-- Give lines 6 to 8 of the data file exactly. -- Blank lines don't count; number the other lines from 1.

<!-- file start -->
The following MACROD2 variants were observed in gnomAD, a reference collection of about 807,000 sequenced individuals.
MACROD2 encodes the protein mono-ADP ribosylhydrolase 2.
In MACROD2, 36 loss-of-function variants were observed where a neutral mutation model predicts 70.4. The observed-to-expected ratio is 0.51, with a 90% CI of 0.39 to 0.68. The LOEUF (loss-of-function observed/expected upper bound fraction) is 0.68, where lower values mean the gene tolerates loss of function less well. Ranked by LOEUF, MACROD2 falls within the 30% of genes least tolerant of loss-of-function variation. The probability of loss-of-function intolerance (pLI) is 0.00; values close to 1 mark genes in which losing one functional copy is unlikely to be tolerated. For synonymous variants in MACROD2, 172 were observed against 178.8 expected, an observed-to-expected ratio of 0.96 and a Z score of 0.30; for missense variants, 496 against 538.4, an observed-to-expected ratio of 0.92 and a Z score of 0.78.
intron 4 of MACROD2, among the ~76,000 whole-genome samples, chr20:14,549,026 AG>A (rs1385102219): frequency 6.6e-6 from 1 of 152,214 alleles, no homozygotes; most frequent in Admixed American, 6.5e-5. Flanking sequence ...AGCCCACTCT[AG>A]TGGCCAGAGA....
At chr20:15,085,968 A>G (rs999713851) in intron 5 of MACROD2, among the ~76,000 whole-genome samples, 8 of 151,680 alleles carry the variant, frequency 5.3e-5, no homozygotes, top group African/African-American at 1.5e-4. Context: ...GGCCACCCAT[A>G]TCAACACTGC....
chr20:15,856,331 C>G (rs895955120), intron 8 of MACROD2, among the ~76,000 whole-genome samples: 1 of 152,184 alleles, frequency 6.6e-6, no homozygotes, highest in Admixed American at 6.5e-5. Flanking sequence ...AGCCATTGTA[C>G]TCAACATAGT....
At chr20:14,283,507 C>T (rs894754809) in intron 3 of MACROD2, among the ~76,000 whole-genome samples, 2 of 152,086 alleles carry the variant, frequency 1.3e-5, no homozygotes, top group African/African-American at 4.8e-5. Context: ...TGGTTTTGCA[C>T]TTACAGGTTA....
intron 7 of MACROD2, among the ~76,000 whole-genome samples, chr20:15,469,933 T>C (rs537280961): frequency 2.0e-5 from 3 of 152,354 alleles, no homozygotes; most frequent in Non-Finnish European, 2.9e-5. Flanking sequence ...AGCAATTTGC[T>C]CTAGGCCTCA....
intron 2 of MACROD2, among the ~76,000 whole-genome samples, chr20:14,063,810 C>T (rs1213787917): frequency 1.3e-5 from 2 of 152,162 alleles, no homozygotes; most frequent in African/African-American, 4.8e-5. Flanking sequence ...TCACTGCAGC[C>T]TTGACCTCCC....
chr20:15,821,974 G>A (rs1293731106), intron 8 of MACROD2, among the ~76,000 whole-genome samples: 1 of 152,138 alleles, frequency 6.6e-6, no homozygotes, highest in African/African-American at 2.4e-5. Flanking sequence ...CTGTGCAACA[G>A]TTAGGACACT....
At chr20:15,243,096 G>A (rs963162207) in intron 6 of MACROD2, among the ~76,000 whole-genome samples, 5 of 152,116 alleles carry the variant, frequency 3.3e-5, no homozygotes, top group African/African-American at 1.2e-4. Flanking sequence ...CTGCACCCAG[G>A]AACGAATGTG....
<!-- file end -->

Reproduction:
chr20:15,856,331 C>G (rs895955120), intron 8 of MACROD2, among the ~76,000 whole-genome samples: 1 of 152,184 alleles, frequency 6.6e-6, no homozygotes, highest in Admixed American at 6.5e-5. Flanking sequence ...AGCCATTGTA[C>G]TCAACATAGT....
At chr20:14,283,507 C>T (rs894754809) in intron 3 of MACROD2, among the ~76,000 whole-genome samples, 2 of 152,086 alleles carry the variant, frequency 1.3e-5, no homozygotes, top group African/African-American at 4.8e-5. Context: ...TGGTTTTGCA[C>T]TTACAGGTTA....
intron 7 of MACROD2, among the ~76,000 whole-genome samples, chr20:15,469,933 T>C (rs537280961): frequency 2.0e-5 from 3 of 152,354 alleles, no homozygotes; most frequent in Non-Finnish European, 2.9e-5. Flanking sequence ...AGCAATTTGC[T>C]CTAGGCCTCA....